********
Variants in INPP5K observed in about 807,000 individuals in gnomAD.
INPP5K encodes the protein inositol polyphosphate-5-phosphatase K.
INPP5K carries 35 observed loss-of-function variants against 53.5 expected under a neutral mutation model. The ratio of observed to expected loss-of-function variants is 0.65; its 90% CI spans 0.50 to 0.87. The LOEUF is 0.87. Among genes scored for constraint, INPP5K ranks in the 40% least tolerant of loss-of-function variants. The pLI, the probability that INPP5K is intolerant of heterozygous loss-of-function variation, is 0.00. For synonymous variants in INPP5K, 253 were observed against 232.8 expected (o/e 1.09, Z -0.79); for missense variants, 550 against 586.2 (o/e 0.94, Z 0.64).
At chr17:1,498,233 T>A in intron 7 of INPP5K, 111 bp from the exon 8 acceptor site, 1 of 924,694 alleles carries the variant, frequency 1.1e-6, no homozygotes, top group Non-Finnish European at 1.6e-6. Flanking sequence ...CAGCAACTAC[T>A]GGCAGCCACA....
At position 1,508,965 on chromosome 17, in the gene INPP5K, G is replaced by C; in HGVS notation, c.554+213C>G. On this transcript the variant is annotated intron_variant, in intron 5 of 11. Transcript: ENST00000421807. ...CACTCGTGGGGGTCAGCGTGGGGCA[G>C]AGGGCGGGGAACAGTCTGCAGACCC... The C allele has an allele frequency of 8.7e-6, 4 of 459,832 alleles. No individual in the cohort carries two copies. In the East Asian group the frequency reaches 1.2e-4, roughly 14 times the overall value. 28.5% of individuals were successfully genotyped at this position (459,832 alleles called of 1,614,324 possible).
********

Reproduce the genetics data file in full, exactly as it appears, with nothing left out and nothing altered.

Variants in INPP5K observed in about 807,000 individuals in gnomAD.
INPP5K encodes the protein inositol polyphosphate-5-phosphatase K.
INPP5K carries 35 observed loss-of-function variants against 53.5 expected under a neutral mutation model. The ratio of observed to expected loss-of-function variants is 0.65; its 90% CI spans 0.50 to 0.87. The LOEUF is 0.87. Among genes scored for constraint, INPP5K ranks in the 40% least tolerant of loss-of-function variants. The pLI, the probability that INPP5K is intolerant of heterozygous loss-of-function variation, is 0.00. For synonymous variants in INPP5K, 253 were observed against 232.8 expected (o/e 1.09, Z -0.79); for missense variants, 550 against 586.2 (o/e 0.94, Z 0.64).
At chr17:1,498,233 T>A in intron 7 of INPP5K, 111 bp from the exon 8 acceptor site, 1 of 924,694 alleles carries the variant, frequency 1.1e-6, no homozygotes, top group Non-Finnish European at 1.6e-6. Flanking sequence ...CAGCAACTAC[T>A]GGCAGCCACA....
At position 1,508,965 on chromosome 17, in the gene INPP5K, G is replaced by C; in HGVS notation, c.554+213C>G. On this transcript the variant is annotated intron_variant, in intron 5 of 11. Transcript: ENST00000421807. ...CACTCGTGGGGGTCAGCGTGGGGCA[G>C]AGGGCGGGGAACAGTCTGCAGACCC... The C allele has an allele frequency of 8.7e-6, 4 of 459,832 alleles. No individual in the cohort carries two copies. In the East Asian group the frequency reaches 1.2e-4, roughly 14 times the overall value. 28.5% of individuals were successfully genotyped at this position (459,832 alleles called of 1,614,324 possible).